To GreenBicMan, a simple legal sentence saying there may or may not be conflicts of interest does not get Goldman off the hook. There are certain levels of disclosure that must be met, depending on what is being disclosed. The argument here, is that it should have been disclosed that the investments were picked by a short seller for the purpose of him and Goldman's interests short selling it. So, a standard legal disclosure statement doesn't cut the mustard for disclosure. I am sure what you cut and paste appears in nearly all Goldman propectus'. That does not qualify as legal disclosure.

[edit on 19-4-2010 by johnny2127]



posted on Apr, 19 2010 @ 01:08 PM
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reply to post by johnny2127
 


Yes, as if you look it is in a REIT prospectus I had laying around of my dad's as well..

What do you think is going to come out of this? basically nothing, huh?

IMO this has more to do with Financial Reform Legislation being passed than anything.. but I do def. think they are guilty of the above that we were speaking about..misleading clients / disclosure of the above



posted on Apr, 19 2010 @ 01:44 PM
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Originally posted by GreenBicMan
reply to post by johnny2127
 


Yes, as if you look it is in a REIT prospectus I had laying around of my dad's as well..

What do you think is going to come out of this? basically nothing, huh?

IMO this has more to do with Financial Reform Legislation being passed than anything.. but I do def. think they are guilty of the above that we were speaking about..misleading clients / disclosure of the above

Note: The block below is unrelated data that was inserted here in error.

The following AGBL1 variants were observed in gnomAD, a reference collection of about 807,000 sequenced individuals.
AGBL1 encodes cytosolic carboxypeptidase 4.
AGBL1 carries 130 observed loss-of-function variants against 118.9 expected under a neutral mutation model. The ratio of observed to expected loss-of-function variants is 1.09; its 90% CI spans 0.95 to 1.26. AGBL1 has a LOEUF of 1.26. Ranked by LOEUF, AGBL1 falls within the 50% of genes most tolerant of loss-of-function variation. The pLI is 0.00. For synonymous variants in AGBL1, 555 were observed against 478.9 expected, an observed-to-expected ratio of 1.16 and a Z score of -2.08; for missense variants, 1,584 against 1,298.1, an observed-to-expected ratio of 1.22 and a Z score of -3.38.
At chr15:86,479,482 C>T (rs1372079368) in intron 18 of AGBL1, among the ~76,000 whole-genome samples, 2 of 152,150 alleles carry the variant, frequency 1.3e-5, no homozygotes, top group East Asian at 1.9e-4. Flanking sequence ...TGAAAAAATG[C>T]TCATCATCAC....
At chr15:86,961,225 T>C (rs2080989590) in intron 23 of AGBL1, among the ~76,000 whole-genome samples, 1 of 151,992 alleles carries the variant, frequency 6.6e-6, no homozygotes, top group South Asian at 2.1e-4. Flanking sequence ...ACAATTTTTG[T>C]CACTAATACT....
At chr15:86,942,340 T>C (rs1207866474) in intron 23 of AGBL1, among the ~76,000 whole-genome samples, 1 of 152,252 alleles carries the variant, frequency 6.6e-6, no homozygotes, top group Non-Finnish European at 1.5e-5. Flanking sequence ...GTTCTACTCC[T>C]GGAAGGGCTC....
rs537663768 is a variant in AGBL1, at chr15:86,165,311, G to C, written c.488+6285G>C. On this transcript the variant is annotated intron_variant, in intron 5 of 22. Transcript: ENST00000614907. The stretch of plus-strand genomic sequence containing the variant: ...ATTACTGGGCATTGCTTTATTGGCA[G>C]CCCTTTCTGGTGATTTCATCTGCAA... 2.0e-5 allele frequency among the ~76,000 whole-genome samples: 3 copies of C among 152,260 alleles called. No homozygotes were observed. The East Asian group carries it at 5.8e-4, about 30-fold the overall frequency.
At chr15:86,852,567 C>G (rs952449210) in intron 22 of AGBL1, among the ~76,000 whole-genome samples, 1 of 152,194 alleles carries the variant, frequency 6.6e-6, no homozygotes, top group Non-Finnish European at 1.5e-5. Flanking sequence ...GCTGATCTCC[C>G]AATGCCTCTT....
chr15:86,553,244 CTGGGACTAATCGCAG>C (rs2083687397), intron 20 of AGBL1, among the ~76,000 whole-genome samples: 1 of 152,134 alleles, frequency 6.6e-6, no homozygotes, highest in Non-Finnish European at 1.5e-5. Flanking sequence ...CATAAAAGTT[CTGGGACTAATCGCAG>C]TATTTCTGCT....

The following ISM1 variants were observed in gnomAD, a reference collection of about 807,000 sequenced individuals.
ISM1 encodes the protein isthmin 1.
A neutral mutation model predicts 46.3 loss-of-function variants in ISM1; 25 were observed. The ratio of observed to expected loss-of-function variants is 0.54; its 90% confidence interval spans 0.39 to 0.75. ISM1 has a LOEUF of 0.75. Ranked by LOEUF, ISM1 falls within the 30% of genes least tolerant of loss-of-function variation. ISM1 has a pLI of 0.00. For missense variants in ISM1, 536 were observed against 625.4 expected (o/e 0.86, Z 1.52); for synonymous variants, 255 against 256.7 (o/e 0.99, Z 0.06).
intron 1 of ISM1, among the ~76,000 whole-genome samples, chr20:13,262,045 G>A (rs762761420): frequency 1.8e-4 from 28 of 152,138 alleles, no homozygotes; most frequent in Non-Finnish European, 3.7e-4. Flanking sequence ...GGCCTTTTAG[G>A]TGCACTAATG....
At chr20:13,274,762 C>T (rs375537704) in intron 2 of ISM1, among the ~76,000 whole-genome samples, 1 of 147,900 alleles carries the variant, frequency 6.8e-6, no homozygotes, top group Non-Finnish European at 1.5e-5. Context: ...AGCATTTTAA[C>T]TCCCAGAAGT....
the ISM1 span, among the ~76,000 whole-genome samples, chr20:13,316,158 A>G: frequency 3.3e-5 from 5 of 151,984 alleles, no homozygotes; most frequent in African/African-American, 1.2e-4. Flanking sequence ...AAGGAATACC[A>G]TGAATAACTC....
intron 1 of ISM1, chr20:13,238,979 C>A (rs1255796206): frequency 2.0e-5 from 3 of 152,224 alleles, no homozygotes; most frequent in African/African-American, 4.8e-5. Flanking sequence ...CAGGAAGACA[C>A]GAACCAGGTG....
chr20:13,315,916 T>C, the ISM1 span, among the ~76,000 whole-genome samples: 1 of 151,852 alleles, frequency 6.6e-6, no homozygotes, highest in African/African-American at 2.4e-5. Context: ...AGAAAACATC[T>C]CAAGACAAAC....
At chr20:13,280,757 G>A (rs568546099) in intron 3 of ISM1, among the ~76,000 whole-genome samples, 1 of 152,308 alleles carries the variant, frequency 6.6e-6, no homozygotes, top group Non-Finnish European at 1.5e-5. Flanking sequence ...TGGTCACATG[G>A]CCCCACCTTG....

In my opinion, this will result in some sort of fine or settlement. Most likely this will result in multiple other lawsuits as well. I think this was nothing more than a govt PR campaign for the financial regulatory reforms Obama wants to pass. If they were super serious about it, it would have been a criminal fraud case, not civil.

However, in my opinion, Goldman is in the wrong here, if the facts of the case are what they seem. If they knowingly create a product that they think will most likely go down, and the profit will come on the short side, they literally defrauded those that bought the product long since there wasn't disclosure about the real purpose of the investment. Think about it; someone goes on CNBC and if they are asked about a stock they have to disclose purely that their fund owns the stock. Thats 1 out of hundreds of positions they own. In this, they failed to even mention that the investment vehicle was made and selected by a short seller for the purpose of maximizing profits on the short side. Thats a pretty important disclosure they failed to make.



posted on Apr, 19 2010 @ 04:21 PM
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Originally posted by johnny2127

Originally posted by GreenBicMan
reply to post by johnny2127
 


Yes, as if you look it is in a REIT prospectus I had laying around of my dad's as well..

What do you think is going to come out of this? basically nothing, huh?

IMO this has more to do with Financial Reform Legislation being passed than anything.. but I do def. think they are guilty of the above that we were speaking about..misleading clients / disclosure of the above